From Longman Dictionary of Contemporary Englishmove up phrasal verb1CHANGE FROM ONE THING TO ANOTHERUPto get a better job in a company, or change to a more advanced group, higher rank, or higher levelTo move up, you’ll need the right training.Share prices moved up this month. toThe kids learn fast, and can’t wait to move up to the junior team.He was moving up the ladder (=getting higher and higher positions), and getting management experience.He’s moved up in the world (=got a better job or social position) in the last few years, and his new flat shows it.2especially British EnglishMOVE/CHANGE POSITIONFORWARD to change position in order to make more space for other people or things or be near someone elseThere’s room for one more if everyone moves up a bit. →move→ See Verb table
Examples from the Corpus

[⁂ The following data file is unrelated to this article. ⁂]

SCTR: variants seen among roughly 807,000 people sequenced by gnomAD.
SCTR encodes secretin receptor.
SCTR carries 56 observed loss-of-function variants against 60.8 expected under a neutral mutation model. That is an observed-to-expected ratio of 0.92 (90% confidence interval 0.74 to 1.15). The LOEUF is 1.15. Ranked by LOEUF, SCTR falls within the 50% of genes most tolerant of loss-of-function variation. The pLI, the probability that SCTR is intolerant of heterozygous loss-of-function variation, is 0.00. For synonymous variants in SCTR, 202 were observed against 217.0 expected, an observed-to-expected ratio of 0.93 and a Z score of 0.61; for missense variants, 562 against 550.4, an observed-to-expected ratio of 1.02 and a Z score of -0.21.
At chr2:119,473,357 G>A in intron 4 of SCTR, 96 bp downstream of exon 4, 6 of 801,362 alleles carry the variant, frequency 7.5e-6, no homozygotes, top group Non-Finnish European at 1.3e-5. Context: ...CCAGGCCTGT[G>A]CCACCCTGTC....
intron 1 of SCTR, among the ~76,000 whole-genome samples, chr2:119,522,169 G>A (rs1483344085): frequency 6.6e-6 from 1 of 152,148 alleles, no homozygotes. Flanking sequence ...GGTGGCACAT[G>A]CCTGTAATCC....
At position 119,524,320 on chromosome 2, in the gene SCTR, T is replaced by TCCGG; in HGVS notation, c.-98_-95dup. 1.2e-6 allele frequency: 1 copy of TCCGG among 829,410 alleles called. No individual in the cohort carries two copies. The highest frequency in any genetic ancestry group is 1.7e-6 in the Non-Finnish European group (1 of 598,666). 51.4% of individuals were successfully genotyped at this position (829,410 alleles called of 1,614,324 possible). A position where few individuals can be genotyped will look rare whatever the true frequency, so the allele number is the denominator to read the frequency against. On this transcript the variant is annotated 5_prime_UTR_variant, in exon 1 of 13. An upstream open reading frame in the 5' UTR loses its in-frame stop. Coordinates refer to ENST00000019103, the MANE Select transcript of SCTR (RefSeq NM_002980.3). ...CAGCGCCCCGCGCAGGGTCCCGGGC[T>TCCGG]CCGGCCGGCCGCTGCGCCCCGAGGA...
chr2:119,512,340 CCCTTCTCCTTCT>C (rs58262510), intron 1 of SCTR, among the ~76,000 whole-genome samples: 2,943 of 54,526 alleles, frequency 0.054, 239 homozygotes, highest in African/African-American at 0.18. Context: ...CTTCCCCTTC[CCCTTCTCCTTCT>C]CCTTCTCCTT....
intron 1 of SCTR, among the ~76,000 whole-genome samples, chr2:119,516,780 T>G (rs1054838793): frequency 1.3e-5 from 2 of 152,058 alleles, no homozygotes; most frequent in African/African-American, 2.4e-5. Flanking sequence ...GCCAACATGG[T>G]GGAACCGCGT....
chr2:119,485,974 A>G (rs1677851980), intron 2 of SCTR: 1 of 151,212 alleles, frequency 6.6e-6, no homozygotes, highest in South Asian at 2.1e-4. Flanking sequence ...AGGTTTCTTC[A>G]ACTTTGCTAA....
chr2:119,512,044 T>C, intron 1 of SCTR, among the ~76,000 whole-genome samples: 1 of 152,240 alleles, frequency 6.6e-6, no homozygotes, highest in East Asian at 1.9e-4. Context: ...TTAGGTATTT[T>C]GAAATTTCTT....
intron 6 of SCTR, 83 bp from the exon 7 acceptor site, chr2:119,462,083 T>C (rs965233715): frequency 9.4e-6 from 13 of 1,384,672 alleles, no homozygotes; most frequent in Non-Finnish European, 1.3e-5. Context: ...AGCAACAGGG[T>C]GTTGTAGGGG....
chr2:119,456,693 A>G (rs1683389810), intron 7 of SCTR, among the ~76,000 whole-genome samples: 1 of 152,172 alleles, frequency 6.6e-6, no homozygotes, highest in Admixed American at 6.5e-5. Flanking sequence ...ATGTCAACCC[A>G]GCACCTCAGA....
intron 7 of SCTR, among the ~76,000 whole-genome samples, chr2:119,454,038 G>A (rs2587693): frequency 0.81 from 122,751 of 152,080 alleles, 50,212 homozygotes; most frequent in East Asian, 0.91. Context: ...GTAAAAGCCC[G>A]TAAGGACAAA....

move up• Could you guys at the frontmove up a bit?• Suddenly a car moved up alongside Joseph and the drivershouted something at him.• FC Roma are slowly moving up the leaguetable.• The bankclerks seemed to be working really slowly as I moved up the line.• With this win Williams moves up to third place in the world rankings.move to• The track world now awaits his move up to 5,000m.• As his income grew, he moved up to a Porsche.• In his early twenties he had moved up to a suit-and-necktie job as a salesman in New York.• He pointed out that the mark also moved up to about 73. 35 yen.• I had moved up toAllocation and Repayment then, and I sent him a blisteringletter about it.• How long was it before they moved up to buying their jointcompound by the quart?• Taylor moved up to Clearwater in 1997 and was disappointing again, hitting only.244.• Then they moved up to four-cell embryos-and now the results were dismal.• Texas A&M moved up to the No. 2 position.